Valkey releases and versioning

Valkey is usually among the most critical pieces of a software stack. For this reason, Valkey's release cycle prioritizes highly stable releases at the cost of slower release cycles.

All Valkey releases are published in the Valkey GitHub repository.


Valkey stable releases will generally follow major.minor.patch semantic versioning schema. We follow semantic versioning to provide explicit guarantees regarding backward compatibility.

When discussing compatibility, we refer to the following API contracts:

  1. Valkey commands including their inputs, outputs, and defined behavior
  2. The functions and APIs that can be executed from a Lua script
  3. The RDB version
  4. The protocol used to establish and replicate data from primaries to replicas
  5. The protocol between nodes within a Valkey cluster
  6. The Valkey Module API interface
  7. The AOF on disk format

Patch versions

Patch versions are released with backwards compatible bug fixes and should not introduce new features.

Upgrading from a previous patch version should be safe and seamless. It should be safe to run a primary-replica pair or a Valkey cluster with servers running on different patch versions.

Patch versions may also introduce small improvements such as performance or memory optimizations that are easy to verify as safe.

Minor versions

Minor versions are released with new functionality that is added in a backward compatible manner. Examples of new functionality include new commands, info fields, or configuration parameters.

Upgrading from a previous minor version should be safe, and will not introduce incompatibilities between servers in the cluster when default server configurations are used.

NOTE: Minor releases may include new commands and data types that can introduce incompatibility between servers in the cluster, but users need to opt-in to these features to cause this type of incompatibility. For this reason, it is not recommended to run a Valkey cluster with servers running on different minor versions. Users should avoid new features until all servers in the cluster have been upgraded.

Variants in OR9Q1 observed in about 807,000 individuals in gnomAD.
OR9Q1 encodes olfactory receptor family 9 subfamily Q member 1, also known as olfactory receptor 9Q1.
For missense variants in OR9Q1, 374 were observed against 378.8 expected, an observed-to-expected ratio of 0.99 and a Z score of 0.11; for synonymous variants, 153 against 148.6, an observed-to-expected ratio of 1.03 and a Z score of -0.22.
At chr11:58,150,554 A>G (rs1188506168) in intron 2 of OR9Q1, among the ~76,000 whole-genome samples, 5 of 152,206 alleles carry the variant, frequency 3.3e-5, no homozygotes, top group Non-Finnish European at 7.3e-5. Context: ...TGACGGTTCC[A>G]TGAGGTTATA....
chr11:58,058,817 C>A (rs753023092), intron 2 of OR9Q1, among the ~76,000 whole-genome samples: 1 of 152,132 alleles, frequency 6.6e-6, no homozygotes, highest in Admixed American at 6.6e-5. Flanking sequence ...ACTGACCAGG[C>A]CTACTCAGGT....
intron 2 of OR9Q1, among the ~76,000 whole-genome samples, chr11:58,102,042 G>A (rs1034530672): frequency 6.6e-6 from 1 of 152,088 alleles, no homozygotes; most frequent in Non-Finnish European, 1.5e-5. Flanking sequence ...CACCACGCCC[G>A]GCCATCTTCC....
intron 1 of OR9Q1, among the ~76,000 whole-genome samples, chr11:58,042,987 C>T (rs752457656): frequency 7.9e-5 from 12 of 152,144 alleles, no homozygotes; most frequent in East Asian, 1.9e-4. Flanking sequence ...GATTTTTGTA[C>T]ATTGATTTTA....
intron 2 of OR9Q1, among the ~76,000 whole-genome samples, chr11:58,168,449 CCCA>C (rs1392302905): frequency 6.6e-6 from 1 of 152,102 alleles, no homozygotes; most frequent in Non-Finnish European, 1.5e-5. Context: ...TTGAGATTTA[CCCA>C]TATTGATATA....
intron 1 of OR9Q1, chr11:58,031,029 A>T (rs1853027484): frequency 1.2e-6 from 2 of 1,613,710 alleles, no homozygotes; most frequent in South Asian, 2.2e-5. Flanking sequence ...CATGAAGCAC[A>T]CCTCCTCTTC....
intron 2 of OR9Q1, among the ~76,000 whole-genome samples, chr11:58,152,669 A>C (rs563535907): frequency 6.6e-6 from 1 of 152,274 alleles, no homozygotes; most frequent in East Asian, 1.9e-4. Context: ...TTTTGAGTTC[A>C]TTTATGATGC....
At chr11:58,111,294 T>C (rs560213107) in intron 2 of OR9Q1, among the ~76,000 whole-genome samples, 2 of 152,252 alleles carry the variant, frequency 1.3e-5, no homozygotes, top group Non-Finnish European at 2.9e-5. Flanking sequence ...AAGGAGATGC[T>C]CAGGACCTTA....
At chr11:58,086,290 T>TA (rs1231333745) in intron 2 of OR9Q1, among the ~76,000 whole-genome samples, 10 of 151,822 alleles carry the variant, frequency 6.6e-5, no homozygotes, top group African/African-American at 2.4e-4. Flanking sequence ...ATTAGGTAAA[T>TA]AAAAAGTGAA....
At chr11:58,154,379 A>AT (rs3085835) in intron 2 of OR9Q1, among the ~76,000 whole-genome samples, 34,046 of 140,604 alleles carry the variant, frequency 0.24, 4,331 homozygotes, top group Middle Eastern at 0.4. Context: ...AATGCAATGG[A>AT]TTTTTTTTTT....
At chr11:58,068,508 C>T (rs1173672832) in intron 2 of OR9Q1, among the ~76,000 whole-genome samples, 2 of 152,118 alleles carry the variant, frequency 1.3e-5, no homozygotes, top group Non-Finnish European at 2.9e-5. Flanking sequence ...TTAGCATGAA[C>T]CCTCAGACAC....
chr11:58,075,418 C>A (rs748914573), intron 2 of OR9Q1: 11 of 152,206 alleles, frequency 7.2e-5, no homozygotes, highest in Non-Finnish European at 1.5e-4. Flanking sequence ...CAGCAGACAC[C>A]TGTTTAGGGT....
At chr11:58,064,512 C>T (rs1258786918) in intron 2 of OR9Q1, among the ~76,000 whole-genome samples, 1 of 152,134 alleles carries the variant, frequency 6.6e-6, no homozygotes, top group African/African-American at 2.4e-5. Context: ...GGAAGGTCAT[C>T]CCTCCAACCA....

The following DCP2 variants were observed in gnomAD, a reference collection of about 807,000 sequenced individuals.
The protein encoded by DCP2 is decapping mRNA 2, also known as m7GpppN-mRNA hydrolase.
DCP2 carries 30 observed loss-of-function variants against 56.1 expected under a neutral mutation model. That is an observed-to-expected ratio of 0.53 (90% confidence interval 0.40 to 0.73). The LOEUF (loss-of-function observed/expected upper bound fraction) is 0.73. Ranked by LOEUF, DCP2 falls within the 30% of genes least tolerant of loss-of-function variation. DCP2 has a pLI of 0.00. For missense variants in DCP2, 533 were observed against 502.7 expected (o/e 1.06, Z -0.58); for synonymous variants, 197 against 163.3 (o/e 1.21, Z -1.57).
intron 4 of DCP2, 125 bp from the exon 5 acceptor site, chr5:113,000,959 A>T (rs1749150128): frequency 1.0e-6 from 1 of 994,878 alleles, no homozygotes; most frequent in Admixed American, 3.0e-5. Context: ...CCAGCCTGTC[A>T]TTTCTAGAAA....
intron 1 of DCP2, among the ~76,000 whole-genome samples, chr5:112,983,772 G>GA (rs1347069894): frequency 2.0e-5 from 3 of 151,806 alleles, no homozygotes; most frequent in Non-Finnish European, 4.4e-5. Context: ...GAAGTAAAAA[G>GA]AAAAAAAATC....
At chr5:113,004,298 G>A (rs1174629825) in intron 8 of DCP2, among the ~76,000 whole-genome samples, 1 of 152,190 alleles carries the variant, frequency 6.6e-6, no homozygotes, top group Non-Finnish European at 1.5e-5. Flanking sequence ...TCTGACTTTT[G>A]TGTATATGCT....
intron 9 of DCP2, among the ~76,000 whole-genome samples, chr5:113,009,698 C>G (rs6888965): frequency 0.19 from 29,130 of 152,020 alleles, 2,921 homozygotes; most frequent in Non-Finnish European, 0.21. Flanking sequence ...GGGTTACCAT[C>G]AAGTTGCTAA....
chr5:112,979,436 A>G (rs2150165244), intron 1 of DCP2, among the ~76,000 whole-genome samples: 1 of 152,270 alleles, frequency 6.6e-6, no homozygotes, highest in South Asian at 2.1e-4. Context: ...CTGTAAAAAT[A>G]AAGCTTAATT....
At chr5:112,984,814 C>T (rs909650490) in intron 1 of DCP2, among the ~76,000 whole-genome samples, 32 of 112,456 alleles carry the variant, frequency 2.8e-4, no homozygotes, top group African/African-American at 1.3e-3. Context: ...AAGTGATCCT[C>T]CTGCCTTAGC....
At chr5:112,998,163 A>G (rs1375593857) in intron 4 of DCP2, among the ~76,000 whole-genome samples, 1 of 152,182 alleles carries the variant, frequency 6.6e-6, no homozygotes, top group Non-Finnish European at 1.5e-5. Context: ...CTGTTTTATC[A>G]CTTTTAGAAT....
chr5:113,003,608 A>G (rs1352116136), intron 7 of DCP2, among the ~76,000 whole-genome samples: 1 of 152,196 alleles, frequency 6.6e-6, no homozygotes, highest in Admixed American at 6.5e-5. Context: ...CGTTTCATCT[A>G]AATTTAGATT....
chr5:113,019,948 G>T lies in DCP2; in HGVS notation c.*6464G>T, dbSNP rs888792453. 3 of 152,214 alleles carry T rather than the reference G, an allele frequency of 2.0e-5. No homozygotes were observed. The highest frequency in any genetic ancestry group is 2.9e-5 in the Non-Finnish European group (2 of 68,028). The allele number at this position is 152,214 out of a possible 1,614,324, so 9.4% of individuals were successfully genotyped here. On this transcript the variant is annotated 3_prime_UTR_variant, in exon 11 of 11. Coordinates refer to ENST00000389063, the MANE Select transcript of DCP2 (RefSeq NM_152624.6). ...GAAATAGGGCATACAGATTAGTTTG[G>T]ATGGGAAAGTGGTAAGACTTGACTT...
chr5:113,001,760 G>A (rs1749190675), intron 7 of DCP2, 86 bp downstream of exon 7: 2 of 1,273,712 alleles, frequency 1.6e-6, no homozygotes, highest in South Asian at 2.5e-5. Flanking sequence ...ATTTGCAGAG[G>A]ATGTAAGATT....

Commands may also be marked as deprecated in minor versions. Deprecated commands are not removed, instead a replacement command or an alternative to using the command will be defined in the same minor version.

Major versions

Major versions are released with significant functionality that may break backwards compatibility or alter key performance characteristics. Examples of significant functionality includes altering the behavior of an existing command, removing previously deprecated commands, changing the default value of configs, and significant refactoring for performance improvements.

Upgrading from a previous major version is intended to be safe, but should be approached with caution. You should carefully read the release notes before performing a major version upgrade. Although Major versions can introduce breaking changes, data replicated from primaries to replicas will always be sent in a backward compatible format. You should always upgrade replicas before upgrading primaries in order to ensure data consistency.